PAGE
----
I am a researcher and publish my findings in academic journals, websites/blogs, and social media. The results often involve plots and other graphics, and I try to make them as attractive as possible.

Publications such as NYT, FT, The Economist, ... have characteristic (and pretty imo) styles for plots that many people like and try to mimic. One particular example is fivethirtyeight, with their style being even integrated as a style in matplotlib.

I wonder what is the stance about this topic in the data science community and academia. Is it okay to get inspired by someone's design of graphics and follow it?

I am not sure whether a plotting style can be protected and patented (and can you get sued for re-using it), but if not: is it unethical to mimic plot styles from others?

Another thing that may complicate things further is that when one publishes in academic journals, often the copyright of the content is transferred to the publisher.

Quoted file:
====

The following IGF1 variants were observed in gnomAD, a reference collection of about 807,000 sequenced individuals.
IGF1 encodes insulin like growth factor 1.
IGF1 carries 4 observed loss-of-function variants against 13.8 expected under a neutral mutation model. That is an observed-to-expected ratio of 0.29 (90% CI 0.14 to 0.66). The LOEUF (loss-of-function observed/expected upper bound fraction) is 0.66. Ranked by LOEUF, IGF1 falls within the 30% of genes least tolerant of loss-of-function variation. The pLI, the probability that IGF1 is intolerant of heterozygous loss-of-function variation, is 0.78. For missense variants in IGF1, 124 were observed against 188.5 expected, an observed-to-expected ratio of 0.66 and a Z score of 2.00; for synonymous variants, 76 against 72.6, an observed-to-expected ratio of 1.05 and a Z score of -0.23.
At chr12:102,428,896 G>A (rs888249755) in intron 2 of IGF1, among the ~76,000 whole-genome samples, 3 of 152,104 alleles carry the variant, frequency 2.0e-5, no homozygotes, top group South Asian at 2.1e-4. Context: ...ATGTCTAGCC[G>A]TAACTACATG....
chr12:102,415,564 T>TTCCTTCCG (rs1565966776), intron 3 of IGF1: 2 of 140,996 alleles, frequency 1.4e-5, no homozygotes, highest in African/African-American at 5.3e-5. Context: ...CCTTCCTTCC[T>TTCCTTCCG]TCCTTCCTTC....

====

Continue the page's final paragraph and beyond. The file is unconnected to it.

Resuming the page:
1 Answer 1


It's fine to base your graphical style on that of other publications that you think are doing a good job. There are no ethical issues with this, provided you are not actually reusing images—or parts of images—from other sources. (For example, you cannot copy parts directly from other figures without either proper attribution or permission; what precisely you need depends on the context and the use you are going to make of the images. You might also run into issues if you directly copied The Economist's proprietary house font, which was specifically designed for that publication.)

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